Sunday, February 26, 2012
Michäla Rehl took this picture of Bavaria's Finance Minister Markus Söder for Reuters February 10, 2012. Herr Söder was in Veitshöchheim (near Würzburg) for the TV show "Fastnacht in Franken." Fastnacht is one of the common names for Shrove Tuesday ("Fat Tuesday.") Fat Tuesday is fat because we fill up before Lent begins on Ash Wednesday. It is called Fasching in Bavaria, carnival in much of the world, and marti gras (French for "Fat Tuesday") in places like New Orleans. Carnaval accounts for 70% of Brazil's tourism and 80% of its beer consumption: not bad for a week's "work." This celebration of the fun before the fast can create enough sin to require at least forty days of repentance.
The "Hast Du mal nen Euro?" translates roughly into "Would you have a Euro already?" or "Spare a Euro?" I wonder whether this is Bayerisch or Kiezdeutsch. The Economist describes Kiezdeutsch as "the argot of inner-city teenagers" and a Doktor Heike Wiese, linguist at the University of Potsdam, has argued it to be a distinct German dialect. Purists are outraged.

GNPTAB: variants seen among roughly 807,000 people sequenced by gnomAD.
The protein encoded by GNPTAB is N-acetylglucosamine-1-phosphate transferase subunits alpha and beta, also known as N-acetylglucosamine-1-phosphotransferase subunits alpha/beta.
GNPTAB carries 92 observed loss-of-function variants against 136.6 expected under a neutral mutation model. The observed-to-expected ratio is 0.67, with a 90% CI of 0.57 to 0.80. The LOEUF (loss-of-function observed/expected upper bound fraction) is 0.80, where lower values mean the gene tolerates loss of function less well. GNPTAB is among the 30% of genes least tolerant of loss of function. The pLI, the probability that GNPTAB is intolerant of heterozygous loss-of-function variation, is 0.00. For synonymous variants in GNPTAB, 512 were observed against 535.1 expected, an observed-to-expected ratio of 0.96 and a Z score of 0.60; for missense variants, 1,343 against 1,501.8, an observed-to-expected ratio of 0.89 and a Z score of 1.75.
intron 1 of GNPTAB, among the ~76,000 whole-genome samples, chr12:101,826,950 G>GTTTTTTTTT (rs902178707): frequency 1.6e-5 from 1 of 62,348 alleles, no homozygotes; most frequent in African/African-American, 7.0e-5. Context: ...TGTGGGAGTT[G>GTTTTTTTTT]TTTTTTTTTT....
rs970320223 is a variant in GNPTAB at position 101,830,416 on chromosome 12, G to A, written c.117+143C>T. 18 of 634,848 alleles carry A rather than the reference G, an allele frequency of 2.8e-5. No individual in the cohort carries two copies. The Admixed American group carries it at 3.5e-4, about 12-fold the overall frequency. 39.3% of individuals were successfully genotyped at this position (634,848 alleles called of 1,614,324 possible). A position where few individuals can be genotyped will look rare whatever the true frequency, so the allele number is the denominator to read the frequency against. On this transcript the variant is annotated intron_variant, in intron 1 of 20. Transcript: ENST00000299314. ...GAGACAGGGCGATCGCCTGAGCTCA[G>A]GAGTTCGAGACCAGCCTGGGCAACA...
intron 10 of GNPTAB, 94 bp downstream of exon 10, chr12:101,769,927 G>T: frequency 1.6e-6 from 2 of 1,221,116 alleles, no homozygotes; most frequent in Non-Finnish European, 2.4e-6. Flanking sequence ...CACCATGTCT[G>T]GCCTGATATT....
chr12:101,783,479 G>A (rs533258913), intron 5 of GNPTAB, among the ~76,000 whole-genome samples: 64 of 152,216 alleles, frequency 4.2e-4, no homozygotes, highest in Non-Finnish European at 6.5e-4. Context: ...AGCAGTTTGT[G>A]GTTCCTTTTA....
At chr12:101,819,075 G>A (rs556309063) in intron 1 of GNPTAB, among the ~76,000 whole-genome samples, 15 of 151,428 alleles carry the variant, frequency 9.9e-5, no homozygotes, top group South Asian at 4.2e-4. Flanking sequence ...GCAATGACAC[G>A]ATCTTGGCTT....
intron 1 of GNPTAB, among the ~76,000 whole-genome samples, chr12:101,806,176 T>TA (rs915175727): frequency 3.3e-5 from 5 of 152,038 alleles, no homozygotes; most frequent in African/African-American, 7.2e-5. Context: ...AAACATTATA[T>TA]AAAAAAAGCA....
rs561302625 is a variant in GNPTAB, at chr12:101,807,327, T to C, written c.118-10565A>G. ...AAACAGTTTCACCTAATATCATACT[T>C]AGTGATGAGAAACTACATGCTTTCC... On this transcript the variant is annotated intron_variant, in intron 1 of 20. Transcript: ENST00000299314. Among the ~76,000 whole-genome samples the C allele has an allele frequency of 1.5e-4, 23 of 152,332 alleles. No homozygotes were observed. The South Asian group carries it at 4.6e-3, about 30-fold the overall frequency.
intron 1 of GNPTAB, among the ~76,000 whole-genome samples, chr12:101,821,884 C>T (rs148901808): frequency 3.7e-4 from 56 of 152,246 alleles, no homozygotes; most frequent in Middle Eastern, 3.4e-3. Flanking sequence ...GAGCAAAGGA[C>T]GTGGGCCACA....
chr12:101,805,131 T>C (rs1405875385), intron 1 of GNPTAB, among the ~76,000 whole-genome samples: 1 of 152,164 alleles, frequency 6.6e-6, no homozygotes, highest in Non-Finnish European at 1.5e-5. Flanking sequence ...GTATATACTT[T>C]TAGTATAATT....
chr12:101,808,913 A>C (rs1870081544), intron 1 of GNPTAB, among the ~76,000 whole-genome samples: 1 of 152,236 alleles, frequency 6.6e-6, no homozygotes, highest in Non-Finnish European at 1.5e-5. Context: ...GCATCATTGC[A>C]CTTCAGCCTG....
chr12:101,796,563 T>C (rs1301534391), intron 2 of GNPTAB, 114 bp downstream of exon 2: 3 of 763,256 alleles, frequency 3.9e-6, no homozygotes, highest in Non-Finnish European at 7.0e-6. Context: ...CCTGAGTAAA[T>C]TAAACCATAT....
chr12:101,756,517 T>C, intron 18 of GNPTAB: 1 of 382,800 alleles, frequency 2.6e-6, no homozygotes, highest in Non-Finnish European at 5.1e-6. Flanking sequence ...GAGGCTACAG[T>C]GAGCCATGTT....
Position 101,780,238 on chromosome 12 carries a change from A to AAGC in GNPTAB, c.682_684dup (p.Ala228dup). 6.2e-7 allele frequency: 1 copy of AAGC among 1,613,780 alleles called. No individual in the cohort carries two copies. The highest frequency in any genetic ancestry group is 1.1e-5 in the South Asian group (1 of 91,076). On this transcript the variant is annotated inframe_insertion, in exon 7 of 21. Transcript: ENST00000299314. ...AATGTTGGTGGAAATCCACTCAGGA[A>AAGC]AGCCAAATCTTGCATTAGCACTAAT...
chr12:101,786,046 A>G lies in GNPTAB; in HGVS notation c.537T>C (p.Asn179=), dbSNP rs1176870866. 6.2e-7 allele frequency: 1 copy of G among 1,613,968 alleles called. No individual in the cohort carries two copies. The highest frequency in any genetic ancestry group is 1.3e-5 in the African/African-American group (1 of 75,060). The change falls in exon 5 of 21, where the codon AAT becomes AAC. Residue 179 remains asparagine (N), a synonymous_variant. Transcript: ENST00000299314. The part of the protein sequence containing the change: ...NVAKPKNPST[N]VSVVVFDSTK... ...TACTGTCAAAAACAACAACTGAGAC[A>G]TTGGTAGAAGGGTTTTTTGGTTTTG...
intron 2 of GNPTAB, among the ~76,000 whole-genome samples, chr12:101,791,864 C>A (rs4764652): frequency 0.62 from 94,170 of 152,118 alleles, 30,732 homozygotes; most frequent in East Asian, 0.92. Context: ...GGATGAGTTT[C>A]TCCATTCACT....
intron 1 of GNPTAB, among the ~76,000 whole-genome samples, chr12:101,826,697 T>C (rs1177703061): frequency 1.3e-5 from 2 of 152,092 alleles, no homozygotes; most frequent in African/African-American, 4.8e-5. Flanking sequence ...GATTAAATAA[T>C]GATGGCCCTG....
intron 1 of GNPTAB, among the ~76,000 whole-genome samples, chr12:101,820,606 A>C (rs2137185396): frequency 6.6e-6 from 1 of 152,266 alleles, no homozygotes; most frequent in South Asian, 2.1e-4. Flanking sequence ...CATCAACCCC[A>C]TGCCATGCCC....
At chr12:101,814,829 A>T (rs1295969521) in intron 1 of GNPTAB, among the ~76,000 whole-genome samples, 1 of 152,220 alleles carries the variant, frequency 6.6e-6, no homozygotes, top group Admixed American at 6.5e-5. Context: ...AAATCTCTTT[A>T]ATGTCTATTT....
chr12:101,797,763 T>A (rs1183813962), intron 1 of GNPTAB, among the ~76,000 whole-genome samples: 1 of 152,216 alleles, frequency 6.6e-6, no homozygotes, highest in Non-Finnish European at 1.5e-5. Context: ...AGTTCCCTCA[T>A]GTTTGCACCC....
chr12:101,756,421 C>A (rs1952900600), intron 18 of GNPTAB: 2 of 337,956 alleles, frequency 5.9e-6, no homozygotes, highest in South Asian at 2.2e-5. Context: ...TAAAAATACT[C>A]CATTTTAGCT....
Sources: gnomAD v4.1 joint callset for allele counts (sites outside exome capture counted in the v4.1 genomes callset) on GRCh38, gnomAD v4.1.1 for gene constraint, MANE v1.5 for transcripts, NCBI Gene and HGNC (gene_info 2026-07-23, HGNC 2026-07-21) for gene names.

Might Herr Söder be making fun of the Greeks asking for a handout? Why such Teutonic skepticism? Those suspicious Germans figure the Greeks want Fasching without fasting, i.e., carnival without Lent. Well who wouldn't? The Germans read their Homer and know what happened to the Trojans when they believed the Greeks.